“Many of the designers in the book told me they hardly ever had a brief,” says Banks. “It’s a bit like designing record sleeves, you could create a piece of art. Also the turnaround designing flyers is insane. In its heyday The Haçienda had a club night nearly every day of the week. That’s a lot of design.”
Clubbed is a reminder of the wilder side of graphic design, much of it created pre-internet and with a sense of freedom that’s hard to imagine today. Here, Banks tells the story behind eight of his favourite examples.
1. The Haçienda fifteenth birthday poster
Farrow’s fluorescent poster design for The Haçienda’s fifteenth birthday is my favourite design in the book; so much so it’s the first thing you see when you enter my house. The modernist minimalism, subtlety and craft inspired me hugely as a young designer and influenced my own work.
The code 51 15 25 05 97 (FAC 51 is 15 on 25 05 97) was printed in a reflective ink onto a grey background, which rendered it almost invisible in daylight. The poster only came to life at night under the glare of car headlights – the reasoning being that the message was only important to people who were out after dark.
2. Renaissance photography
As a teenager, I vividly remember seeing this photographic campaign by Toby McFarlane Pond; art directed by Phil Sims at the now defunct Dolphin agency. I was amazed by the stunning abstraction. It went against the very graphic nature of some of the design at the time. The typography and hierarchy were always wonderfully set and made me appreciate grids as a young designer. There was an elegant beauty about the whole campaign.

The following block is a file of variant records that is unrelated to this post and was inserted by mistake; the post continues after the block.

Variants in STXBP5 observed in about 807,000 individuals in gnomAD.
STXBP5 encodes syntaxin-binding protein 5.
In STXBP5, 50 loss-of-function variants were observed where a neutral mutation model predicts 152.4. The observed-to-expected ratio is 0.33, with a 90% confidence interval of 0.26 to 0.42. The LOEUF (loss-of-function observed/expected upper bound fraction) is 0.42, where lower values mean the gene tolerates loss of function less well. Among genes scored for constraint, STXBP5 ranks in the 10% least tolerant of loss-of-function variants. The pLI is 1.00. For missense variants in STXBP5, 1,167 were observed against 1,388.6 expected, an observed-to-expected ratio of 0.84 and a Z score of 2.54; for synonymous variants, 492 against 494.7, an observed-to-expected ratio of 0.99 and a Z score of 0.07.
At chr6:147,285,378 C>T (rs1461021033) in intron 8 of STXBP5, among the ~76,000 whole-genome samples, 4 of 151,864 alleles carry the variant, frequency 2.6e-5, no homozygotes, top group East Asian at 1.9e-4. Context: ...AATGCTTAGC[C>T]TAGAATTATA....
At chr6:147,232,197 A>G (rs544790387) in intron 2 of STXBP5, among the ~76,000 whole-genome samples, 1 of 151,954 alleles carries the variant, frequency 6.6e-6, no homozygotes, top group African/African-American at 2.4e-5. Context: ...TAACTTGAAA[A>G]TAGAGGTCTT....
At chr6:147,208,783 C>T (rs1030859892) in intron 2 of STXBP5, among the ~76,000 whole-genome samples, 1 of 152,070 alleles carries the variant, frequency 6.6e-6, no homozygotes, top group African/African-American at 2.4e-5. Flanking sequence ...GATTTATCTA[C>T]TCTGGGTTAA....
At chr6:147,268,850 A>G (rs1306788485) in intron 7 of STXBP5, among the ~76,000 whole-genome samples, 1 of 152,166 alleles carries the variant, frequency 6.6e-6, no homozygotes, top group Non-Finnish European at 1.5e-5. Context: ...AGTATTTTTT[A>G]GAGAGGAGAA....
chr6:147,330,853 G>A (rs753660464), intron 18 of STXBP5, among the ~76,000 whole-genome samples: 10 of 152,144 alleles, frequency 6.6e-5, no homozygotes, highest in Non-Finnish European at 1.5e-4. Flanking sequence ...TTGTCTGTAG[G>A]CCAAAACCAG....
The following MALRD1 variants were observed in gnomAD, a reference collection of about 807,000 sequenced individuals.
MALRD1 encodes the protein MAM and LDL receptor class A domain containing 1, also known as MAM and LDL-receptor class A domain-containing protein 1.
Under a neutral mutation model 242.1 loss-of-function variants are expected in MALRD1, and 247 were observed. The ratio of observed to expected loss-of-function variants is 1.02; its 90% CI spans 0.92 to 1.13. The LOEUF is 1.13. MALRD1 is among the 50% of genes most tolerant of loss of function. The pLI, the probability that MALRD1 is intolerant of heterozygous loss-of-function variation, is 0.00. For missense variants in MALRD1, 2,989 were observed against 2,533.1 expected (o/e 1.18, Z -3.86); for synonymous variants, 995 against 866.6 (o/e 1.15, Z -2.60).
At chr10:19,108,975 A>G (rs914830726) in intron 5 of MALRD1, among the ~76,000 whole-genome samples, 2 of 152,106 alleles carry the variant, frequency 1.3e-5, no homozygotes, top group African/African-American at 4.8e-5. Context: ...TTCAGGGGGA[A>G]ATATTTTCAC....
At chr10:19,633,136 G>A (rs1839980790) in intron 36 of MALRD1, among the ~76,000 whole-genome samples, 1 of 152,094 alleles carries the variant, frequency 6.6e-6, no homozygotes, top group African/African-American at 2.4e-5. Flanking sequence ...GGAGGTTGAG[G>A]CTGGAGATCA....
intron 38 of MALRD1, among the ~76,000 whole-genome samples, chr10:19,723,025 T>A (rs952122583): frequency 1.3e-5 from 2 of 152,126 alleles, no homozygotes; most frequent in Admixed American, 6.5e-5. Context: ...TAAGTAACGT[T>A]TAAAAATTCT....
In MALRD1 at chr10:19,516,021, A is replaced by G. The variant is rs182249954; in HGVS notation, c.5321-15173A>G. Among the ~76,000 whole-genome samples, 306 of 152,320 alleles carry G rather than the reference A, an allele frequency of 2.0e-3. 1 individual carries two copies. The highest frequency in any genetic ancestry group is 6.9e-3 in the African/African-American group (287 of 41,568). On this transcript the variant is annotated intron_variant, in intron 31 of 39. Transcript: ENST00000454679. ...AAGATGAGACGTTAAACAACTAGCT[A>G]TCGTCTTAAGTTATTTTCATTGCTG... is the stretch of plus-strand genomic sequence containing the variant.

3. Cream logo
This is my favourite logo in the book and one of my favourites of all time. I actually wanted to shave the Cream logo into my head as a teenager…. Embarrassing looking back, but that’s how strong the logo is. It’s timeless.
4. Fabric surreal posters
Fabric’s initial designs were very graphic, like a lot of the clubs at the time. However, they quickly abandoned this in favour of a photographic approach. Over time, under the direction of Jonathon Cooke and Roberto Rosolin, Fabric have created their own, unique surreal world which is instantly recognisable — they don’t even need to use the logo on their posters.
I love the wackiness of tDR’s designs for NYSushi. Named after one of the founders, these rare flyers have become a collectors item.
6. MoS copy posters
Only Ministry of Sound can get away with using swear words in their tone of voice. For their 18th birthday, Studio Output created this series of posters, selecting transgressive quotations from famous 18-rated films to create a brash, tongue-in-cheek campaign.
7. Gatecrasher brand world
I liked everything about tDR’s holistic approach for Gatecrasher — the bespoke font, the tiny details, the lairy colours, intricate illustration and distinct tone of voice. It was one of my first experiences of a ‘brand world’.
8. Printworks logo
Printworks’ fluid identity by design studio Only takes inspiration from the venue’s former purpose as the largest printing facility in Europe. The wordmark was created by wrapping the Printworks’ name around a cylinder, to mimic the huge rollers of the printing press. The marque uses a silhouette of the printing rollers in profile.
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